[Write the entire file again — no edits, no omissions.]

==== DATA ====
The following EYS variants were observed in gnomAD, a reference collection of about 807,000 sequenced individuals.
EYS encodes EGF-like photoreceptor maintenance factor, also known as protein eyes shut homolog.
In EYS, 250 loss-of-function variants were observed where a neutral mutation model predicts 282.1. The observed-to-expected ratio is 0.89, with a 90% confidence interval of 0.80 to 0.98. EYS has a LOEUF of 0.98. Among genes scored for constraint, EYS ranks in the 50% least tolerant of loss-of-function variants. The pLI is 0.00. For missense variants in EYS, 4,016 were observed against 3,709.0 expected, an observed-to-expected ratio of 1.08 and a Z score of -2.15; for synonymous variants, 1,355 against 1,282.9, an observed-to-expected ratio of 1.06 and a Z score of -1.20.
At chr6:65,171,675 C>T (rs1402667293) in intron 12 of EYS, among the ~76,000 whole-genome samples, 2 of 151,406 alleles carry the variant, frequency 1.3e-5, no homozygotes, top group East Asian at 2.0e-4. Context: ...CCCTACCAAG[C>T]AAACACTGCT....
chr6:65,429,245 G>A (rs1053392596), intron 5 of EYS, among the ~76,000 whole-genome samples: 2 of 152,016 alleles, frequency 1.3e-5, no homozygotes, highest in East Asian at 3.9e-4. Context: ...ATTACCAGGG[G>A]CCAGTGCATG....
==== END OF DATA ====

The following EYS variants were observed in gnomAD, a reference collection of about 807,000 sequenced individuals.
EYS encodes EGF-like photoreceptor maintenance factor, also known as protein eyes shut homolog.
In EYS, 250 loss-of-function variants were observed where a neutral mutation model predicts 282.1. The observed-to-expected ratio is 0.89, with a 90% confidence interval of 0.80 to 0.98. EYS has a LOEUF of 0.98. Among genes scored for constraint, EYS ranks in the 50% least tolerant of loss-of-function variants. The pLI is 0.00. For missense variants in EYS, 4,016 were observed against 3,709.0 expected, an observed-to-expected ratio of 1.08 and a Z score of -2.15; for synonymous variants, 1,355 against 1,282.9, an observed-to-expected ratio of 1.06 and a Z score of -1.20.
At chr6:65,171,675 C>T (rs1402667293) in intron 12 of EYS, among the ~76,000 whole-genome samples, 2 of 151,406 alleles carry the variant, frequency 1.3e-5, no homozygotes, top group East Asian at 2.0e-4. Context: ...CCCTACCAAG[C>T]AAACACTGCT....
chr6:65,429,245 G>A (rs1053392596), intron 5 of EYS, among the ~76,000 whole-genome samples: 2 of 152,016 alleles, frequency 1.3e-5, no homozygotes, highest in East Asian at 3.9e-4. Context: ...ATTACCAGGG[G>A]CCAGTGCATG....